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Qwest (Q) booked some much-needed cash Friday in completing the first part of its yellow pages sale.

On Friday, Qwest closed the $2.75 billion sale of part of its highly profitable Qwest Dex directory business to a group of private investors. Qwest said it expects the second phase of the QwestDex sale, pending regulatory approvals, to close in 2003.

Still, the good news fails to dispel worries in some circles about whether the company could be seeing red before it completes the second half of the transaction. The financially reeling local phone giant was forced earlier this year to put Dex on the block to help pay down debts. The two-part sale, worth a total of $7 billion and struck this summer after months of shopping for the best bid, helped pull Qwest out of a liquidity crisis that had threatened to send the big Denver telco into bankruptcy.

But the sale came at a price, and some investors are worrying even now of hurdles to come. The deal is rife with financial details. One of the terms of Qwest's recent $3.2 billion loan renegotiation was that bankers will receive the first $1.4 billion in proceeds from the sale. In a statement after the market closed Friday, Qwest said it plans to use some of the cash to pay down its existing credit facility to $2 billion.

And as

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detailed in August, Qwest, in its haste to do the two-part deal, left standing several agreements to subsidize local phone rates with the proceeds of a directory business that it no longer will own. Regulators in states including Arizona and Washington may require that those subsidies continue, or demand a cut of the sale's proceeds.

But in at least three states -- Arizona, Washington and Colorado -- Qwest is committed to paying a total of $235 million a year to help lower the cost of consumer phone service. That's 15% of the total Dex revenues last year.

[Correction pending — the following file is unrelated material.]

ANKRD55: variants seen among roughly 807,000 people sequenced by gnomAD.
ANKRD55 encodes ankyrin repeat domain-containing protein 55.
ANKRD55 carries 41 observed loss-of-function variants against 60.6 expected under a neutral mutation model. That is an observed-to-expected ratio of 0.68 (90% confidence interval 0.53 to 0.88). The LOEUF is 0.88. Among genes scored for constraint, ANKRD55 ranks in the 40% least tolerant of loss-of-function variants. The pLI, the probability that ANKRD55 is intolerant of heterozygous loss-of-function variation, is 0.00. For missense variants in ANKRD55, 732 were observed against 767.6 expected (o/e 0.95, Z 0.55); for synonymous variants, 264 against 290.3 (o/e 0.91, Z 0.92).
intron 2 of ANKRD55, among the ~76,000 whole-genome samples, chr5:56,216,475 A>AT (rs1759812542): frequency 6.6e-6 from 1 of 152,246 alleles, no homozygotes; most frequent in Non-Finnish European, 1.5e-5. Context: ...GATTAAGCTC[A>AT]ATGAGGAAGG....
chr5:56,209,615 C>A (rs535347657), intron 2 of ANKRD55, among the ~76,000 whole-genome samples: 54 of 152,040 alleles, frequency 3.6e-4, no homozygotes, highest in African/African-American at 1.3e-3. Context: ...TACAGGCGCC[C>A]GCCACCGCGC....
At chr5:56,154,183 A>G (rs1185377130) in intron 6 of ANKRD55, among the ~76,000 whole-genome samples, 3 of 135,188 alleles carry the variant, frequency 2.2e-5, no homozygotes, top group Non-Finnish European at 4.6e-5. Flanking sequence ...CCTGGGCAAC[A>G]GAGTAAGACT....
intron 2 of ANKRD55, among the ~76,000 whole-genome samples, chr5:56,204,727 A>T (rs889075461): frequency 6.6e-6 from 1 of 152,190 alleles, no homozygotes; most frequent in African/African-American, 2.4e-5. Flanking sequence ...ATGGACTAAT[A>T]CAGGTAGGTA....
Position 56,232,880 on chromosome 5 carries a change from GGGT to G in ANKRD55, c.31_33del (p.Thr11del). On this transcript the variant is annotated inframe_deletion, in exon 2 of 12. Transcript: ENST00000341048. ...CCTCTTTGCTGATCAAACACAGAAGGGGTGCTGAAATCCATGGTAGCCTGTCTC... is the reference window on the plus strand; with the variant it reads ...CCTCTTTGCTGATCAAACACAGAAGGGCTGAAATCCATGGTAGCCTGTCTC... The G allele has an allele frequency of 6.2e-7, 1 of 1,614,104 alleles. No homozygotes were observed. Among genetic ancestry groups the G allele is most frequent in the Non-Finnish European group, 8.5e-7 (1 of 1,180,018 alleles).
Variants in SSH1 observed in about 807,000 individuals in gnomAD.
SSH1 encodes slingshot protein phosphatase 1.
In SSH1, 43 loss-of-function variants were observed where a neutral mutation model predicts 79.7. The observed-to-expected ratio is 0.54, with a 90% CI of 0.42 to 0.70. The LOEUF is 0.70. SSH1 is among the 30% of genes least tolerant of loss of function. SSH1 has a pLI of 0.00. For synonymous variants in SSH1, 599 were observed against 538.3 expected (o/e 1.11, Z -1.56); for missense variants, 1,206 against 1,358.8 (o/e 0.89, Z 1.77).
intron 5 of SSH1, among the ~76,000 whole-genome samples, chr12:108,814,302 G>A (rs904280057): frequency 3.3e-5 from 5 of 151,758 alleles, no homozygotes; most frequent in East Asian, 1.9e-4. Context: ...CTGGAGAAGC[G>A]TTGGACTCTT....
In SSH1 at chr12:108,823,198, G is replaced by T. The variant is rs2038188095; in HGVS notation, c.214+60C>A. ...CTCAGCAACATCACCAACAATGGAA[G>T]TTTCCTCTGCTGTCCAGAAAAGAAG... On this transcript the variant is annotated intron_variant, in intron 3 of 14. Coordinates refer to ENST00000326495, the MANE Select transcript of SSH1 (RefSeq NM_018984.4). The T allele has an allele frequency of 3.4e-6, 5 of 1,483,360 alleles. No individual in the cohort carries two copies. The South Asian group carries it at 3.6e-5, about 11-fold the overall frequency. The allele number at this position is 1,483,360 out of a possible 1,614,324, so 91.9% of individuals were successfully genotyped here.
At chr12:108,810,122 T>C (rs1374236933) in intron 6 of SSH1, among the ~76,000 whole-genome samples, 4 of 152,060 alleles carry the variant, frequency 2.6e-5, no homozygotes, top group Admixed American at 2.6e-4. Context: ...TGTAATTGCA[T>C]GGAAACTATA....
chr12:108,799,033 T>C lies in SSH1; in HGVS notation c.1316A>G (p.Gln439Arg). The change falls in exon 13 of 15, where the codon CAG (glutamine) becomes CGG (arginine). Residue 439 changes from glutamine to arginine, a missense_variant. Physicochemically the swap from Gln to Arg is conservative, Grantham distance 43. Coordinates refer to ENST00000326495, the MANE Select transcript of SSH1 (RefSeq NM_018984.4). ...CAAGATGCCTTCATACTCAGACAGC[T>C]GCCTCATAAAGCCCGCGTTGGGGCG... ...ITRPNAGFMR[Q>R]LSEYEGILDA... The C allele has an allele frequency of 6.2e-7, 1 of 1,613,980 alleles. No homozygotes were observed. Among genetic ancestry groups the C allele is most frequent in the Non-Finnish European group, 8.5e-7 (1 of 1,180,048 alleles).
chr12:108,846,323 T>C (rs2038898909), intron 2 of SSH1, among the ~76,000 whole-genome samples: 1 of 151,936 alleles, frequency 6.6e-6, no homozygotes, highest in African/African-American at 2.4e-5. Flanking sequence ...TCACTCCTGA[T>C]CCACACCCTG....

In Washington, Qwest contributes $3 per customer per month toward the overall phone bill, or roughly $100 million a year. In Arizona, the cut of Qwest's Dex revenue that counts toward the subsidy is $43 million. And in Colorado, Qwest pays a $92 million annual subsidy.

Regulators at those three states have said that those subsidies from Qwest will continue whether the yellow pages businesses are controlled by Qwest or not.

Qwest says the obligation, while intended to represent a cut of the revenues from the Dex business, is merely an arrangement on its balance sheet and that no checks are written to the states. The company says it expects to negotiate this arrangement on a state-by-state basis and has made assurances that it will not seek to raise phone rates.

Of course, the sale of the directory business isn't damaging only to Qwest's top line. The $1.6 billion-a-year unit typically accounts for just 8% of total revenue but 16% of cash flow. While pawning the business may have kept Qwest in business for this year, the sale has also robbed Qwest of a rare cash cow whose steady health could offset the company's numerous ills.

Consultants and analysts say they don't expect this to be an easy process.